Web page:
Materials & Methods
The records of 186 patients with brain metastases in between January 2005 to August 2010 were analyzed retrospectively. Out of these, 46 patients not willing for radiotherapy and who chose only best supportive care were not included in the study. All the remaining 140 patients were planned WBRT after starting dexamethasone, mannitol and other supportive treatment. With diagnosis of brain metastasis, the following variables were analyzed for survival: ECOG performance status, gender, age, number of brain lesions, primary tumor site (Table 2), extra cranial metastases, treatment of primary disease and radiotherapy (Table-1). The survival time was considered as time between diagnosis of brain metastasis and last follow up or recorded death.
Brain metastases were detected by computed tomography (CT) or magnetic resonance image (MRI) scan. All patients were treated with WBRT on telecobalt units Therateron 780 C and 780 E. The WBRT was given by bilateral fields. The total dose was 30-36 Gy with a median of 30 Gy delivered in two weeks, five fractions per week 3 Gy per fraction. The supportive care (dexamethasone & mannitol) was started at the beginning of treatment and continued during radiotherapy. Chemotherapy was administered to the patients with good performance status and progressive systemic disease after WBRT. All statistical analyses were performed using SPSS for windows, version 20.0.
One hundred forty patients were analyzed who completed WBRT and came for follow up. The survival results were computed by recorded deaths (97 cases) or last follow up (43 cases). The overall median survival was 3 months, and the one & two year survival was 12 (8.57%) and 5 (3.57%). One patient of carcinoma breast (primary under control) with brain metastasis was alive at the time of this analysis with survival time of 4.2 years. Those patients who had solitary brain metastasis (p=0.0003), high ECOG performance status (p=0.21), controlled extracranial disease (p=0.14) and breast carcinoma (p=0.10) had better survival (Table 2 & 3). The single most significant prognostic factor associated with better survival was solitary brain metastasis (p=0.0003).
With gradual improvements in the care of cancer patients, longer survival is expected even in patients with metastatic disease. In this study, patients with brain metastases who received WBRT alone or WBRT followed by chemotherapy were evaluated.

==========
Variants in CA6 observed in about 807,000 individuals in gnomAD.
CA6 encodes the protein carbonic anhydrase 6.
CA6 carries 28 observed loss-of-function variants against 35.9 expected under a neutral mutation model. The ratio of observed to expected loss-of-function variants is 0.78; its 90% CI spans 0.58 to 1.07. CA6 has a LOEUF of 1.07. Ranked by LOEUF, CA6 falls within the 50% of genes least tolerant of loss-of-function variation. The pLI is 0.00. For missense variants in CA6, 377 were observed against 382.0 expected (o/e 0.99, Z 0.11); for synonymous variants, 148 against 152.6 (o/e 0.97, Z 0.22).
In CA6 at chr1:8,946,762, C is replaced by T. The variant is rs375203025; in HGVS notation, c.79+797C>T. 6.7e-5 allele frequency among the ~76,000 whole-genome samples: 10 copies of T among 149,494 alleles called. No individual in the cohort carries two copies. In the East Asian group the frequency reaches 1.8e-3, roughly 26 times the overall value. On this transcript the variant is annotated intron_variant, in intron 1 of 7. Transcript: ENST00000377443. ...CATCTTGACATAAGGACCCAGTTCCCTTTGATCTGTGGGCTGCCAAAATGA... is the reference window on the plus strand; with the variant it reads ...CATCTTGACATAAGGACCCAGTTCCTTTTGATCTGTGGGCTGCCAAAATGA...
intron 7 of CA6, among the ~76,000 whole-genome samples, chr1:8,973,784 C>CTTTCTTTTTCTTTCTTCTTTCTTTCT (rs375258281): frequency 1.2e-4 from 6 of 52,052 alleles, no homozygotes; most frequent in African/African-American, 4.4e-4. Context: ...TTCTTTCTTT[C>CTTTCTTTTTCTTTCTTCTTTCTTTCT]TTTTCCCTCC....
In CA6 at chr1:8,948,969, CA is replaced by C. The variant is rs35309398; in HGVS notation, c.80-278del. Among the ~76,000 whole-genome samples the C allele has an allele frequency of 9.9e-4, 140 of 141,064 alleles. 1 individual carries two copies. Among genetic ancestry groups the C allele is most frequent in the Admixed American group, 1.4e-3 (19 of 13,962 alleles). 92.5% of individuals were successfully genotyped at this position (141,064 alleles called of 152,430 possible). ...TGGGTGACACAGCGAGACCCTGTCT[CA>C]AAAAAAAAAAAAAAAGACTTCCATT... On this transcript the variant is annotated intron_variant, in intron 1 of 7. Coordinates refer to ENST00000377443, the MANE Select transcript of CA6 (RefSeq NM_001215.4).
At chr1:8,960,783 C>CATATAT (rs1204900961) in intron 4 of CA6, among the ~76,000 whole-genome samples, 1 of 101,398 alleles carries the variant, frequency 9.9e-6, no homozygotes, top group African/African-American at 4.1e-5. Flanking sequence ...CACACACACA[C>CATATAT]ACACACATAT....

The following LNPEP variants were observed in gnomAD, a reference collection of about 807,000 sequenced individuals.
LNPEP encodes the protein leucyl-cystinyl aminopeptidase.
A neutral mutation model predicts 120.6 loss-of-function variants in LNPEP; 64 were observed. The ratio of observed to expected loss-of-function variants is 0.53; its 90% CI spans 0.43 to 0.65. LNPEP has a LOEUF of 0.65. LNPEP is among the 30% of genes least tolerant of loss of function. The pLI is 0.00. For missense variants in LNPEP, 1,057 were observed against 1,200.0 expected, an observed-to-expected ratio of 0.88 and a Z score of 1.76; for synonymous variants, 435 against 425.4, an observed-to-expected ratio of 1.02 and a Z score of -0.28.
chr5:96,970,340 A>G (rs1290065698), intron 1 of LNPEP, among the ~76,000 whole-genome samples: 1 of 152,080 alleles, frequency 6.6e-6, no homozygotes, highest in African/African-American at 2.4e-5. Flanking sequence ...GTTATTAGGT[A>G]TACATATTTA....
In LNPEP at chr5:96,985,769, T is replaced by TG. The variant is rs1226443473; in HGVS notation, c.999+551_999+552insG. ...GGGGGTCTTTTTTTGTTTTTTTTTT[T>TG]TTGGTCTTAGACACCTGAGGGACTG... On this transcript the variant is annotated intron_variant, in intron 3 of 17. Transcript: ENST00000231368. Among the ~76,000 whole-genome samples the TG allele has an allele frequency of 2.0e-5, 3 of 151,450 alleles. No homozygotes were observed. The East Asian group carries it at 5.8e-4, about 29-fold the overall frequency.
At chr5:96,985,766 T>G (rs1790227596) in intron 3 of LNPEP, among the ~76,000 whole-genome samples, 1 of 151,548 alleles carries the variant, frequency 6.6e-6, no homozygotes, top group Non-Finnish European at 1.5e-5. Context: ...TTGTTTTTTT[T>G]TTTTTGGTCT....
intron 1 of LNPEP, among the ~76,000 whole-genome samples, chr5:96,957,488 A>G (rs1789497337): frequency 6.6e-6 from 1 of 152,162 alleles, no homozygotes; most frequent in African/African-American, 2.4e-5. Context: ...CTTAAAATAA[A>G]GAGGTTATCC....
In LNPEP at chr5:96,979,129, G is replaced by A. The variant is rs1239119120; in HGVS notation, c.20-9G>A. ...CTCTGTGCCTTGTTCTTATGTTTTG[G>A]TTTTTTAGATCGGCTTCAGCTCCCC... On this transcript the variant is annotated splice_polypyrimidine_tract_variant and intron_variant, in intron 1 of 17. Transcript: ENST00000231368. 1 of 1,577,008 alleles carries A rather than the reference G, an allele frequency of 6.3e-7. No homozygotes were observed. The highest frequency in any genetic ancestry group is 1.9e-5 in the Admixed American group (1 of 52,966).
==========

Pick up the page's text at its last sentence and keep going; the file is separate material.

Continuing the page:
Studies of ultra rapid fractionated WBRT (10 Gy in 1 fraction, 12 Gy in 2 fractions, 15 Gy in 2 fractions over 3 days) as carried out by Radiation Therapy Oncology Group (RTOG) and other investigators showed a possible increased risk of herniation and death within a few days after treatment and are generally avoided. Likewise, no advantage was seen with extended fractionation (50Gy in 20 fractions or 54.4Gy at 1.6Gy twice daily) compared to the more commonly prescribed 30Gy in 10 fractions. [6, 7, 8, 9] Regimens using 10 or fewer fractions are used in patients with poor prognosis, since such patients are not expected to live long enough to experience serious side effects. The institutional protocol followed in our patients is 30 Gy in10 fractions, 3 Gy per fraction but in patients with good general condition and primary disease under control having solitary brain metastasis, the dose was escalated by 6 Gy to give total tumor dose of 36 Gy.
The end point of this study was to evaluate the different prognostic factors related with overall survival in patients with brain metastasis. The prognostic factors associated with better survival were solitary metastasis (p=0.0003), breast carcinoma (p=0.10), female sex (p=0.12), primary under control (p=0.14), higher ECOG performance status (p=0.21). These prognostic factors have also showed better survival in other studies. [7, 10, 11, 12, 13] Out of above mentioned prognostic factors only solitary brain metastasis was statistically significant (p=0.0003); other factors could not show statistical significance which may be due to small number of study sample.